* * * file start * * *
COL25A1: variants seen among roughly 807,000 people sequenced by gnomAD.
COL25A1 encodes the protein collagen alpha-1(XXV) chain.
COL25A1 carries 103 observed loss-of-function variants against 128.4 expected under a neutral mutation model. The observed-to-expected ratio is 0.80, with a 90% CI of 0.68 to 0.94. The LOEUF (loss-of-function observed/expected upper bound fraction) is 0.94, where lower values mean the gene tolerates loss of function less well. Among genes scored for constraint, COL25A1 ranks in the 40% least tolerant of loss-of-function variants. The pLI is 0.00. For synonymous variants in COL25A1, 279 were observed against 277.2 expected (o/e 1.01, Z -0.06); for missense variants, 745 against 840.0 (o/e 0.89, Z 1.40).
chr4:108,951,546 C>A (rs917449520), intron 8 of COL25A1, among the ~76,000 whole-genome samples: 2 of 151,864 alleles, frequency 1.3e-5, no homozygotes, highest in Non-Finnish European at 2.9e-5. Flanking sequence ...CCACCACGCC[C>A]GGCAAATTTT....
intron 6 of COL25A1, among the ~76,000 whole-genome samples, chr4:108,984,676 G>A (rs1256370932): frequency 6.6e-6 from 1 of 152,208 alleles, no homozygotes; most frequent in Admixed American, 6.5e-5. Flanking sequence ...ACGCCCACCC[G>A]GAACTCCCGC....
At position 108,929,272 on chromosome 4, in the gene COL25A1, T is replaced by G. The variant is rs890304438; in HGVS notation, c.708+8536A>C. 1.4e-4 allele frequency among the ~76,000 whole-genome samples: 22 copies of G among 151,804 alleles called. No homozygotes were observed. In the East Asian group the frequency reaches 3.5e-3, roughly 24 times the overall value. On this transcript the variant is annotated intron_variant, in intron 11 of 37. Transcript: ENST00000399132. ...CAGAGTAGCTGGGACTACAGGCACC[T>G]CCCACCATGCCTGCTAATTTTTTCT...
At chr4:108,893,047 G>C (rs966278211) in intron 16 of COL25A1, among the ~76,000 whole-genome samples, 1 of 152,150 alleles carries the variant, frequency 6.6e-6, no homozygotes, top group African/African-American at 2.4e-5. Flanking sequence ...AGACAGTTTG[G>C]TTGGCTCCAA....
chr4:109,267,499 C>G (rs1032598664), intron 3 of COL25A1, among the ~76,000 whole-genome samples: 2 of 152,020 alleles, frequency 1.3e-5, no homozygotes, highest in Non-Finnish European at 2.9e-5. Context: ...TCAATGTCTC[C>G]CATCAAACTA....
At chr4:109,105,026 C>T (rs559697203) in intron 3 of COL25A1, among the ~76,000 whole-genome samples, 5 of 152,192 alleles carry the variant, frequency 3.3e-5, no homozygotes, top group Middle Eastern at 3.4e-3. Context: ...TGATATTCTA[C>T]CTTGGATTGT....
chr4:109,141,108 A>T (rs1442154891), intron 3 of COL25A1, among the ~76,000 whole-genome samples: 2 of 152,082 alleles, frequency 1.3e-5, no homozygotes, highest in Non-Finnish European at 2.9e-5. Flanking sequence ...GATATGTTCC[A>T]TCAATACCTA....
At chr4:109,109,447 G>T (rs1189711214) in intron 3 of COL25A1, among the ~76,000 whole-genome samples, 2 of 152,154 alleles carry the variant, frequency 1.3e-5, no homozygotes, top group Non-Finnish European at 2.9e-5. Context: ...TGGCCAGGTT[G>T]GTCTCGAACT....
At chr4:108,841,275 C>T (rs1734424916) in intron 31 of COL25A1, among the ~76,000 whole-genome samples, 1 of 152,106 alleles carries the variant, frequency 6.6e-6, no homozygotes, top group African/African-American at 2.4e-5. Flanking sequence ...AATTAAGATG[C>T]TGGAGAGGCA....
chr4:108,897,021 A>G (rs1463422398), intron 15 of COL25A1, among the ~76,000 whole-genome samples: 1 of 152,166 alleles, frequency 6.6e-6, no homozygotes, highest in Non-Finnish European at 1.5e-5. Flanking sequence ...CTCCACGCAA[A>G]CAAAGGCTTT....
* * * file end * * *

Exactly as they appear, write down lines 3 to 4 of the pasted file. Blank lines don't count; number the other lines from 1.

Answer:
COL25A1 carries 103 observed loss-of-function variants against 128.4 expected under a neutral mutation model. The observed-to-expected ratio is 0.80, with a 90% CI of 0.68 to 0.94. The LOEUF (loss-of-function observed/expected upper bound fraction) is 0.94, where lower values mean the gene tolerates loss of function less well. Among genes scored for constraint, COL25A1 ranks in the 40% least tolerant of loss-of-function variants. The pLI is 0.00. For synonymous variants in COL25A1, 279 were observed against 277.2 expected (o/e 1.01, Z -0.06); for missense variants, 745 against 840.0 (o/e 0.89, Z 1.40).
chr4:108,951,546 C>A (rs917449520), intron 8 of COL25A1, among the ~76,000 whole-genome samples: 2 of 151,864 alleles, frequency 1.3e-5, no homozygotes, highest in Non-Finnish European at 2.9e-5. Flanking sequence ...CCACCACGCC[C>A]GGCAAATTTT....